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Salivary Phosphate-Binding Chewing Gum Reduces Hyperphosphatemia in Dialysis Patients

By Vincenzo Savica, Lorenzo A. Calò, Paolo Monardo, Paul A. Davis, Antonio Granata, Domenico Santoro, Rodolfo Savica, Rosa Musolino, Maria Cristina Comelli and Guido Bellinghieri

Abstract

In uremic patients, hyperphosphatemia is associated with cardiovascular calcification and increased cardiovascular mortality. Despite the use of phosphate binders, only half of hemodialysis (HD) patients achieve recommended serum phosphate levels. A hyperphosphoric salivary content, which correlates linearly with serum phosphate, has been reported in HD patients. We hypothesized that binding salivary phosphate during periods of fasting in addition to using phosphate binders with meals could improve the treatment of hyperphosphatemia. We assessed the phosphate-binding capacity of the natural polymer chitosan by 31P nuclear magnetic resonance and established that 10 and 20% (wt/vol) middle viscosity chitosan solutions bind 30 and 50% of the phosphate contained in PBS, respectively. Thirteen HD patients with serum phosphate levels >6.0 mg/dl despite treatment with sevelamer hydrochloride chewed 20 mg of chitosan-loaded chewing gum twice daily for 2 wk at fast in addition to their prescribed phosphate-binding regimen. Salivary phosphate and serum phosphate significantly decreased during the first week of chewing; by the end of 2 wk, salivary phosphate decreased 55% from baseline (73.21 ± 19.19 to 33.19 ± 6.53; P < 0.00001), and serum phosphate decreased 31% from baseline (7.60 ± 0.91 to 5.25 ± 0.89 mg/dl; P < 0.00001). Salivary phosphate returned to baseline by day 15 after discontinuing the chewing gum, whereas serum phosphate levels took 30 d to return to baseline. Parathyroid hormone and serum calcium concentrations were not affected by the gum. In conclusion, adding salivary phosphate binding to traditional phosphate binders could be a useful approach for improving treatment of hyperphosphatemia in HD patients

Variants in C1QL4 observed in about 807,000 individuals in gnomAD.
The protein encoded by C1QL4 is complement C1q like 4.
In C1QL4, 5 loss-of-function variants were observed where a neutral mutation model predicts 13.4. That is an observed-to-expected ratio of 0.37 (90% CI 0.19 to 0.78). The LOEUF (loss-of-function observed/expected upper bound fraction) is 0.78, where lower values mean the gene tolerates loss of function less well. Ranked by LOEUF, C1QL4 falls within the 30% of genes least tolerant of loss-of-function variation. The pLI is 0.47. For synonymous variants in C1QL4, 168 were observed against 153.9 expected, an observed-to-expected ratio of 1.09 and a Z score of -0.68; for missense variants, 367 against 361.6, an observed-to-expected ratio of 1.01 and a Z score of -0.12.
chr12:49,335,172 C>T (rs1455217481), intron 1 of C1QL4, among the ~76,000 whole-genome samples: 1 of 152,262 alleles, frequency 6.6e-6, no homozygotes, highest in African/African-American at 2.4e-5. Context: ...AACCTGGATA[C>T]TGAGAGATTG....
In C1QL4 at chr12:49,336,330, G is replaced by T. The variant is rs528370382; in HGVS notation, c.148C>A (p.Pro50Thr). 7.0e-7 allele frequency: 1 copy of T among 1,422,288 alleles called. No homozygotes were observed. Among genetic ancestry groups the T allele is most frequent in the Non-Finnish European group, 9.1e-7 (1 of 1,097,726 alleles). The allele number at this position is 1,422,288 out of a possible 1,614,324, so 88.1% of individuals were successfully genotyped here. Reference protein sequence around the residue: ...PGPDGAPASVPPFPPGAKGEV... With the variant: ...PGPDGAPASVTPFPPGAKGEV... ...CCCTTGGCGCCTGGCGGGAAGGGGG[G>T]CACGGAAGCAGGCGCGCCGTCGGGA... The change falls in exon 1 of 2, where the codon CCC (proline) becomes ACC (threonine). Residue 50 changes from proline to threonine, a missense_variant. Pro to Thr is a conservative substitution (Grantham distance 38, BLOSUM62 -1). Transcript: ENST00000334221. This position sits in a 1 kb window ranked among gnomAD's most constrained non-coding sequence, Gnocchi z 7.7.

Topics: Clinical Research
Publisher: American Society of Nephrology
OAI identifier: oai:pubmedcentral.nih.gov:2653679
Provided by: PubMed Central
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